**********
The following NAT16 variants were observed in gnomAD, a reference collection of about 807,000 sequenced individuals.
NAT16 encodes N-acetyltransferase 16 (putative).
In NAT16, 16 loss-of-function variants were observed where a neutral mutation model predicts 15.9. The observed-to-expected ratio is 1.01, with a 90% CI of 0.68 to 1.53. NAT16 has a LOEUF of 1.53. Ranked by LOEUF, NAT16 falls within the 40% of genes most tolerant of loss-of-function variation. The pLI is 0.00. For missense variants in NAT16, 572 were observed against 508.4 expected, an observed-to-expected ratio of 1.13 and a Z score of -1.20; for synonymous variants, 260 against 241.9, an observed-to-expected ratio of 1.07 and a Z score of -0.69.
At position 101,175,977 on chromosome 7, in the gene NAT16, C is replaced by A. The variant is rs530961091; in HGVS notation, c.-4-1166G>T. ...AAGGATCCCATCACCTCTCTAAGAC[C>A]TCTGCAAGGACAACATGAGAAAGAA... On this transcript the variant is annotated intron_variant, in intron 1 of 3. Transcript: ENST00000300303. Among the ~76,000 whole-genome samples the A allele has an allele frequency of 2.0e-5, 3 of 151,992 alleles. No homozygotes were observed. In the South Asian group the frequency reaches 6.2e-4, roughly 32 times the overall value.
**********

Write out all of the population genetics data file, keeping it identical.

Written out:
The following NAT16 variants were observed in gnomAD, a reference collection of about 807,000 sequenced individuals.
NAT16 encodes N-acetyltransferase 16 (putative).
In NAT16, 16 loss-of-function variants were observed where a neutral mutation model predicts 15.9. The observed-to-expected ratio is 1.01, with a 90% CI of 0.68 to 1.53. NAT16 has a LOEUF of 1.53. Ranked by LOEUF, NAT16 falls within the 40% of genes most tolerant of loss-of-function variation. The pLI is 0.00. For missense variants in NAT16, 572 were observed against 508.4 expected, an observed-to-expected ratio of 1.13 and a Z score of -1.20; for synonymous variants, 260 against 241.9, an observed-to-expected ratio of 1.07 and a Z score of -0.69.
At position 101,175,977 on chromosome 7, in the gene NAT16, C is replaced by A. The variant is rs530961091; in HGVS notation, c.-4-1166G>T. ...AAGGATCCCATCACCTCTCTAAGAC[C>A]TCTGCAAGGACAACATGAGAAAGAA... On this transcript the variant is annotated intron_variant, in intron 1 of 3. Transcript: ENST00000300303. Among the ~76,000 whole-genome samples the A allele has an allele frequency of 2.0e-5, 3 of 151,992 alleles. No homozygotes were observed. In the South Asian group the frequency reaches 6.2e-4, roughly 32 times the overall value.